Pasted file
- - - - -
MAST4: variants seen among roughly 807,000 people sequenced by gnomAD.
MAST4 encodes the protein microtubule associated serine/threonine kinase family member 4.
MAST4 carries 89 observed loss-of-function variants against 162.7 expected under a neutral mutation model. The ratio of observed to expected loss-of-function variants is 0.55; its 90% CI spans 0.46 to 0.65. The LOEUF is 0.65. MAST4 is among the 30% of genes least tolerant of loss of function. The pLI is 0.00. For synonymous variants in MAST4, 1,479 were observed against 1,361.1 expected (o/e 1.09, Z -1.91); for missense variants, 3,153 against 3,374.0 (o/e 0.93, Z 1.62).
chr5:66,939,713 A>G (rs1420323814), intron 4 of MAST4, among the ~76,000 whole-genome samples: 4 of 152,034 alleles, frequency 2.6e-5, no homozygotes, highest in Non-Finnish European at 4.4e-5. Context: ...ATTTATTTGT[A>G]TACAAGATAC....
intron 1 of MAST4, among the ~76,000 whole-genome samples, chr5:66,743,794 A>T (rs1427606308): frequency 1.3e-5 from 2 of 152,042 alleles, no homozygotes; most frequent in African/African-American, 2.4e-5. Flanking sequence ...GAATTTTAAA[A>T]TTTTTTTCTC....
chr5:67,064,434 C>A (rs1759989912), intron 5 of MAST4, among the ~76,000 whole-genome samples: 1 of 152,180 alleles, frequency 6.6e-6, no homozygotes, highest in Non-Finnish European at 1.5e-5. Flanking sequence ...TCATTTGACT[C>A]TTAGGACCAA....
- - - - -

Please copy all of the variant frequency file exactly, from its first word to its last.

MAST4: variants seen among roughly 807,000 people sequenced by gnomAD.
MAST4 encodes the protein microtubule associated serine/threonine kinase family member 4.
MAST4 carries 89 observed loss-of-function variants against 162.7 expected under a neutral mutation model. The ratio of observed to expected loss-of-function variants is 0.55; its 90% CI spans 0.46 to 0.65. The LOEUF is 0.65. MAST4 is among the 30% of genes least tolerant of loss of function. The pLI is 0.00. For synonymous variants in MAST4, 1,479 were observed against 1,361.1 expected (o/e 1.09, Z -1.91); for missense variants, 3,153 against 3,374.0 (o/e 0.93, Z 1.62).
chr5:66,939,713 A>G (rs1420323814), intron 4 of MAST4, among the ~76,000 whole-genome samples: 4 of 152,034 alleles, frequency 2.6e-5, no homozygotes, highest in Non-Finnish European at 4.4e-5. Context: ...ATTTATTTGT[A>G]TACAAGATAC....
intron 1 of MAST4, among the ~76,000 whole-genome samples, chr5:66,743,794 A>T (rs1427606308): frequency 1.3e-5 from 2 of 152,042 alleles, no homozygotes; most frequent in African/African-American, 2.4e-5. Flanking sequence ...GAATTTTAAA[A>T]TTTTTTTCTC....
chr5:67,064,434 C>A (rs1759989912), intron 5 of MAST4, among the ~76,000 whole-genome samples: 1 of 152,180 alleles, frequency 6.6e-6, no homozygotes, highest in Non-Finnish European at 1.5e-5. Flanking sequence ...TCATTTGACT[C>A]TTAGGACCAA....